These lists, which can be searched online, contain the names of over 750,000 sailors from around the world. This includes men from places that are now part of Egypt, Somalia, Tanzania, Iran, Yemen, Pakistan, India, Bangladesh and China.

ShpataEMadhe
02-06-2021, 04:14 PM
"The key ports for British companies trafficking Africans across the Atlantic were Bristol, Liverpool, Glasgow and London."

There is a strong amount of A-M13 in South Africa, not just East - likeliest movement from South through the Atlantic Sea instead of Mediterranean

Angoliga
03-10-2021, 09:21 AM
... There is a strong amount of A-M13 in South Africa, not just East - likeliest movement from South through the Atlantic Sea instead of Mediterranean

The elevated A-hg detection typically found in South-African Khoisan/Bushmen pops (A1b1a1a, A1b1b2a) is not A1b1b2b-M13; these are entirely separate anciently-related subclades within the broader A1b1 (https://www.yfull.com/tree/A1b1/) haplogroup.

Based on currently available SNP data, the Scottish and now newly added English A-M13s fall within W-Mediterranean (Moroccan/Sardinian) related A-M13 subclades (A-BY16213 (https://www.yfull.com/tree/A-BY16213/), A-FGC60376* (https://www.yfull.com/tree/A-FGC60376*/)):

https://i.imgur.com/mj54bgF.png


More data will be needed to validate the Wray's suggestion for any "Spanish Armada" connection but the overall W-Mediterranean relation seems most probable at the moment.


- not exactly conclusive evidence for the Armada-theory here but these historical accounts from Spanish Sea Captain survivor Francisco de Cuéllar (https://en.m.wikipedia.org/wiki/Francisco_de_Cuellar) in Scotland might be illuminating. Evidently, some Irish Lords and Catholic clergymen aided shipwrecked Spaniards from the northern coasts of Ireland, to seek refuge in Scotland - the Kingdom of Ireland was still under rule of the English monarchy at the time. Reports here from surviving Spanish Sea Captain Cuéllar mentions there being hundreds of shipwrecked survivors in-and-around Edinburgh awaiting voyage across the sea to allied Flanders territory:

https://i.imgur.com/OxBqKJ1.png

- The Downfall of the Spanish Armada in Ireland: The Grand Armada Lost on the Irish Coast in 1588 (Ken Douglas 2009)


The hostile treatment of shipwrecked Spanairds by the general Scotish Protestant population compared to sympathizing Catholic Scotish noble families, who harboured Spanish survivors, might play into claims from some A-M13 Boyds having their name derived from the Royal House of Stewart.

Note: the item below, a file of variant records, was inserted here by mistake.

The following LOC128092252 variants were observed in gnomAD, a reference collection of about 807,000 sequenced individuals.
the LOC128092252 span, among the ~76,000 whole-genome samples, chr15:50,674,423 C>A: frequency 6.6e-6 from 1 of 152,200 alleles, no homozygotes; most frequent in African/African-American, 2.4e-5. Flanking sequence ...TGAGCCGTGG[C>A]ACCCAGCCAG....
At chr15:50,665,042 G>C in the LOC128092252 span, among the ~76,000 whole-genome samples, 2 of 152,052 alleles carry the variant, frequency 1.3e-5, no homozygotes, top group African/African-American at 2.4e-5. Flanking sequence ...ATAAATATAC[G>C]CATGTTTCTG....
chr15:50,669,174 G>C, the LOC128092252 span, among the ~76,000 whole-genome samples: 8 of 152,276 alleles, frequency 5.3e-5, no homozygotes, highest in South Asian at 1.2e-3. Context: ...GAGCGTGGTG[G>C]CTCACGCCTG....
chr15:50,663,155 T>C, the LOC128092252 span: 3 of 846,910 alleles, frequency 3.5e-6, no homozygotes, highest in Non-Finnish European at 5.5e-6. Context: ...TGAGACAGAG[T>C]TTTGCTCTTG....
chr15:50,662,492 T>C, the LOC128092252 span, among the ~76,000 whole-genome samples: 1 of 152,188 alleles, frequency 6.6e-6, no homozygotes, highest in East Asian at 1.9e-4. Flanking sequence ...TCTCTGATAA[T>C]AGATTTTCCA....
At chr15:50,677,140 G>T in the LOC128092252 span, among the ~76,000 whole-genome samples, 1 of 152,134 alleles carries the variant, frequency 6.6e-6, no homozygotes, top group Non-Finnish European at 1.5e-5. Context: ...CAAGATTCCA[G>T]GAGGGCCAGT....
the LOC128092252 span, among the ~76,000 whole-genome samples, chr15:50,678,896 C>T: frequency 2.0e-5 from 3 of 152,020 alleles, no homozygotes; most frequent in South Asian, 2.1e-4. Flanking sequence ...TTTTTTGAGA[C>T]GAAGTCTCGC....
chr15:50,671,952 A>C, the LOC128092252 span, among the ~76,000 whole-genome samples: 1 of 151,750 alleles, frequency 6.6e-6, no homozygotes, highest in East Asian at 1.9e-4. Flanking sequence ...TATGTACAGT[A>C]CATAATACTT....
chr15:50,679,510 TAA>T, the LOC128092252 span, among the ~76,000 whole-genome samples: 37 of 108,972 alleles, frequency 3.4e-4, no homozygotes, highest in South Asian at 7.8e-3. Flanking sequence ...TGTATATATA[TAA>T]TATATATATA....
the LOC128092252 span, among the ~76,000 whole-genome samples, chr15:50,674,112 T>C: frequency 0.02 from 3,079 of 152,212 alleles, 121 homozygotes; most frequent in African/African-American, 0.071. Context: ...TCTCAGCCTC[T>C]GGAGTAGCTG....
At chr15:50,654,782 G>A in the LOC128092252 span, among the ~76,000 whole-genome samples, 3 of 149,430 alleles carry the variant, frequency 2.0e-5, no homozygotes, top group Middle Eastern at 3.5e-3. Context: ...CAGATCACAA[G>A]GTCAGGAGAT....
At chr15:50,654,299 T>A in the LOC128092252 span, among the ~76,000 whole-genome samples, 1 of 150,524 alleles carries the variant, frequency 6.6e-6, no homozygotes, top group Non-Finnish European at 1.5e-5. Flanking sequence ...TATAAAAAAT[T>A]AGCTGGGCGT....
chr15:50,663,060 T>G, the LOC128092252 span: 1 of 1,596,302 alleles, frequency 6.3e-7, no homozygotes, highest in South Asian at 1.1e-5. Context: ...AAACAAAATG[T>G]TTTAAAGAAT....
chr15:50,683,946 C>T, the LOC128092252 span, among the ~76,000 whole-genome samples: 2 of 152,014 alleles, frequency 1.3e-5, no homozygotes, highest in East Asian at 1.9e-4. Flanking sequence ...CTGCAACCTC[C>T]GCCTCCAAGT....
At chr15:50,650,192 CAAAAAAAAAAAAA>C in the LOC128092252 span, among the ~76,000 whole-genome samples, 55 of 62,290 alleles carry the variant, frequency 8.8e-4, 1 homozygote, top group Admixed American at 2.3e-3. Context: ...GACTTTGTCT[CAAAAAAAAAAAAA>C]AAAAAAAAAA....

From a recent correspondence with our very own English A-M13 forum member, LaurieF, he pointed out that northern England had a higher concentration of Catholic sympathizers which may have still been resonating from earlier 16th-century rebellious counter-reformist periods (The Pilgrim of Grace (https://en.wikipedia.org/wiki/Pilgrimage_of_Grace)) -- could this explain the more northern concentration of A-M13s within England, with stray Spanish-Armada survivors, more likely finding shelter here than the more heavily Protestant south?





One interesting thing I have noticed is that the distribution of A-Y30506 and its subclades (https://www.yfull.com/tree/A-Y30506/)resembles that of R-V88.

Keen observation!

According to this Green Sahara paper, both R-V88 and A-M13 Sardinian subclades appear to be relics of ancient trans-Mediterranean contact which were erased after subsequent periods of reoccurring waves of migrations:




"Outside Africa, both A3-M13 and R-V88 harbour sub-lineages geographically restricted to the island of Sardinia and both seem to indicate ancient trans-Mediterranean contacts. The phylogeography of A3-M13 suggests that the direction of the movement was from Africa to Sardinia, while R-V88 topology indicates a Europe-to-Africa migration. Indeed, our data suggest a European origin of R-V88 about 12.3 kya, considering both the presence of two Sardinian R-V88 basal clades (R-M18 and R-V35) and that the V88 marker arose in the R-M343 background, which in turn includes Near-Eastern/European lineages [52]. It is worth noting that the arrival of R-V88 in the Sahara seems to have occurred between 8.67 and 7.85 kya (considering as an upper limit the time estimates of the last node including a European-specific lineage, while the lower limit is the coalescence age of all the African-specific lineages), refining the time frame of the trans-Saharan migration proposed in previous studies [37, 56]. The route of R-V88 toward the lake Chad basin probably passed through northeastern Africa rather than Arabia, considering the absence of R-V88 in the Horn of Africa. Interestingly, both A3-M13 and R-V88 European sub-clades coalesced in ancient times (> 7.62 kya for A3-M13/V2742 and between 12.34 and 8.67 kya for R-V88/M18 and R-V88/V35) (Additional file 2: Figures S2 and S5). So it is possible that both clades were widespread in southern Europe, where they have been replaced by the Y haplogroups brought by the following recurrent migration waves from Asia "[57]